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Core Systems

04:16 PM
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Rock-a-bye-Baby Boom

You don't have to be young to seek sound advice, especially in financial planning.

The great demographic surge is almost upon us. And members of the baby-boom generation, from the wealthy to the fabulously wealthy to the merely well-off, all need good financial advice.

In response, many banks have incorporated financial planning tools into their overall offerings. But it's shaping up to be a crowded market, says Donie Lochan, vice president in Cap Gemini Ernst & Young's financial services consulting group. "Financial planning will actually become a commodity."

Just as electronic bill-payment moved from an esoteric experiment to a service that banks can hardly afford to go without, financial-planning tools will make a similar leap to ubiquity, he says.

If that's the case, then banks have to make a classic strategic choice: Either find a low-cost way to satisfy this core requirement of the market; or differentiate.

For some firms, private-labeled outsourcing may be the solution, since it's difficult to build an effective wealth-management unit overnight. "Scaling [financial planning] up, for companies that don't have it, is extremely hard," says Lochan.

On the other hand, banks that hope to stand out in the marketplace have to develop the appropriate skill sets to match." Financial institutions will differentiate themselves by offering more estate planning, and more of a continuous financial plan as opposed to a one-time plan," says Lochan.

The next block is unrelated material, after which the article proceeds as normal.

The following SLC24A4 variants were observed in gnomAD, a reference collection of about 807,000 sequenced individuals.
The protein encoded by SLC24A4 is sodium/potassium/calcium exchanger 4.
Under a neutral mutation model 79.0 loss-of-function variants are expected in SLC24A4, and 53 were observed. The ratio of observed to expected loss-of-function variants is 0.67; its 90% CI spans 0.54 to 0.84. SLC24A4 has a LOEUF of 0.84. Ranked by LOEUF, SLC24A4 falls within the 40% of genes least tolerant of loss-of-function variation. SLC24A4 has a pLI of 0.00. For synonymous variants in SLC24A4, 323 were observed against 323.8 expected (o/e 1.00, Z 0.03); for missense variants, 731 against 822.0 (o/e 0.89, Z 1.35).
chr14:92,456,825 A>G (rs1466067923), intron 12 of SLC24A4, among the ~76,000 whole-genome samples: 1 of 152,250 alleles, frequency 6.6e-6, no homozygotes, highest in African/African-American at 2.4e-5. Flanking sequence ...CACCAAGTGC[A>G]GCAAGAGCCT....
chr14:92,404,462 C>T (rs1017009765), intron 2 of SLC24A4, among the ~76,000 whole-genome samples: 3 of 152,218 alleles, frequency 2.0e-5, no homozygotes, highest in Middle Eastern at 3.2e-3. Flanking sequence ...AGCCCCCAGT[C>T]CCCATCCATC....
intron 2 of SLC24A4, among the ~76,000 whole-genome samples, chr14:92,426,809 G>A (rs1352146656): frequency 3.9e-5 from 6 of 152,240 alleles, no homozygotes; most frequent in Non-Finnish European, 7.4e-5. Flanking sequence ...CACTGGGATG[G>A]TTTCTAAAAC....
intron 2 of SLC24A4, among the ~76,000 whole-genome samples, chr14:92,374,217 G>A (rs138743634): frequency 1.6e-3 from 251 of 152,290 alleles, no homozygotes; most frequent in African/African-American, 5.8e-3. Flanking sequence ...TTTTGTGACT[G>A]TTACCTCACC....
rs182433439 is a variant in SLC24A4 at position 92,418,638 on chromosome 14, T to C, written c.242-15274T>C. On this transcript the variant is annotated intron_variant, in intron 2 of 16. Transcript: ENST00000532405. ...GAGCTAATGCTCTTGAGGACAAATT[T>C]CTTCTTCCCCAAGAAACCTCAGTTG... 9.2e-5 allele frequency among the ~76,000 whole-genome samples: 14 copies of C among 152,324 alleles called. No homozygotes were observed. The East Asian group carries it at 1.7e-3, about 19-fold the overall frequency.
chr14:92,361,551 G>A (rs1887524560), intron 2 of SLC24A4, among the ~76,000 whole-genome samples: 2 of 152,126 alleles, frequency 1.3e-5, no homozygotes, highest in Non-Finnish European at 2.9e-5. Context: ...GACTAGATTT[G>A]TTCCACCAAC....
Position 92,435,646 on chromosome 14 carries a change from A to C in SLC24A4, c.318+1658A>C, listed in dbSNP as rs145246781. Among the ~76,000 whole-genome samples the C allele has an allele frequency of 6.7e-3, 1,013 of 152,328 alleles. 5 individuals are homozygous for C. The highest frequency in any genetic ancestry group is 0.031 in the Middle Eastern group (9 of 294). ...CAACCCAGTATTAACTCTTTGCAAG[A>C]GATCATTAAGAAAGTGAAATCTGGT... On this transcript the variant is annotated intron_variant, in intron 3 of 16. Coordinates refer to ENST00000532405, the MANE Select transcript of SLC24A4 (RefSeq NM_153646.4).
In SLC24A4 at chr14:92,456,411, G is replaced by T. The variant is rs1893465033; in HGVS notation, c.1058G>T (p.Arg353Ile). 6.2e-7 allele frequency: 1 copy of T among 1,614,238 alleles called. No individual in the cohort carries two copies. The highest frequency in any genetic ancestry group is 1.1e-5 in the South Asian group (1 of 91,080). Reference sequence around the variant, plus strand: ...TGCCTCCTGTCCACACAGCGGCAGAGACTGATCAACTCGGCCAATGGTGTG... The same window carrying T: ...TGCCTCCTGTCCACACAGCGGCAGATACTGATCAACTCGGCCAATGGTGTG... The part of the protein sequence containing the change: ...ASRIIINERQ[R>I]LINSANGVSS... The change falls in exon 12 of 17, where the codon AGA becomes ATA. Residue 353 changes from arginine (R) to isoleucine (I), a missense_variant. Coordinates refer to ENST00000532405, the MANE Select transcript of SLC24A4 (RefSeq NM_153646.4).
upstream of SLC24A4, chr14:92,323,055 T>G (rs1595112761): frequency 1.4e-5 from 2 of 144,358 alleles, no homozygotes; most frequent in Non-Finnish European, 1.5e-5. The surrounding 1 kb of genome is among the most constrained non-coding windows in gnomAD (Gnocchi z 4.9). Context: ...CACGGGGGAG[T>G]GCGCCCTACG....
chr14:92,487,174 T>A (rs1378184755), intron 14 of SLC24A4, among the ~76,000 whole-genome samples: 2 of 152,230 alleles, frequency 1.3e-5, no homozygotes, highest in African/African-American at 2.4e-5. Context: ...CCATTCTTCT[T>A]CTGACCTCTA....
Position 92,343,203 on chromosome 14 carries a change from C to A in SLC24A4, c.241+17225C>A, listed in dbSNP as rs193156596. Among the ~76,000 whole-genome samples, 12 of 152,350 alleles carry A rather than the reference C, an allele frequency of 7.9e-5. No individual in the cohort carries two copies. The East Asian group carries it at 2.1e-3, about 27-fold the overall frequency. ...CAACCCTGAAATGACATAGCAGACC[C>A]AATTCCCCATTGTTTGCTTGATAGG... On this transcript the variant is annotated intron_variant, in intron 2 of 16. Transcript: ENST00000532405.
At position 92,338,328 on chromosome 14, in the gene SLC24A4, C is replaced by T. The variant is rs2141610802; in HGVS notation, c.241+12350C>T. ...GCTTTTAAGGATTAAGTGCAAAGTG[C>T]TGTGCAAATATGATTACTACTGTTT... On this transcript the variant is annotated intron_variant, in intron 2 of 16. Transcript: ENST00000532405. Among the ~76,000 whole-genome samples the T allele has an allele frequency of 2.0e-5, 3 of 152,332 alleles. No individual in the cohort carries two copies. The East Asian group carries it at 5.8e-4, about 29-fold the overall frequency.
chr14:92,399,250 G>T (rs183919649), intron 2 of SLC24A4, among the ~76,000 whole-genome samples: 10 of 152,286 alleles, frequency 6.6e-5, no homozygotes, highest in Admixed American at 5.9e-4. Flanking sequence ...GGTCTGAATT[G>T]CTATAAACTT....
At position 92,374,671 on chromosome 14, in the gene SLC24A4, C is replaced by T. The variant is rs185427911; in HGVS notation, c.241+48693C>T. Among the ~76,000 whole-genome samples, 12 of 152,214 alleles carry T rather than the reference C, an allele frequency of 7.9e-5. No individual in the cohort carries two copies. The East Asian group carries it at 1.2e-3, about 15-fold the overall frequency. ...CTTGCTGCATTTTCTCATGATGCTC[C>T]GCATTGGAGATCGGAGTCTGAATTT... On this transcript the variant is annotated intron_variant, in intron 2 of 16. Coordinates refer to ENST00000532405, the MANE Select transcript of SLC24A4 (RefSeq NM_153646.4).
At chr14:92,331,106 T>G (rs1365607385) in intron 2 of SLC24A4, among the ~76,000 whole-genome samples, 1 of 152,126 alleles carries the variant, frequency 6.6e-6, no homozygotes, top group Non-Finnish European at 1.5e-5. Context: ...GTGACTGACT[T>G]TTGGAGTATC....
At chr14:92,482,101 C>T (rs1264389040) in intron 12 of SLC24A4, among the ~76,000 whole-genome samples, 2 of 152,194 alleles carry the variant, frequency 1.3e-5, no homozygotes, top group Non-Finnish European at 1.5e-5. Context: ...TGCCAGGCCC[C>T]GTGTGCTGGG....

That's the next evolution of financial planning-the intellectual capital of the investment manager. Whether it's financial planning, estate planning or tax planning, comprehensive wealth-management skills will be required not just for ultra-high-net-worth clients, but also for the millionaire next door. "We're seeing a lot more complex demands coming from the mass affluent," says Lochan.

The first thing a bank needs in order to meet those demands is customer information. Most banks have invested in CRM, but that information doesn't always translate into a form usable for financial planning. "The banks now have to take that investment and marry it with the wealth management process," says Lochan.

The front-office tools have also changed to match the times. "Given the market volatility, we're seeing a lot more investment in more complex risk management, even down to some firms running Monte Carlo simulations," says Lochan.

Such tools may also be useful for investors who want to know what happened to their bruised and battered portfolios. Monte Carlo simulations repeatedly simulate the possible price paths of a portfolio over time, using random number generators to model the complex interactions that may occur with hard-to-price instruments such as options.

Then, if necessary, the advisor can point out relevant price path data generated in a prior Monte Carlo situation and commiserate with the client about the unfortunate 1-in-a-1000 event that took place. It's not as good as a great year, but it's a start.

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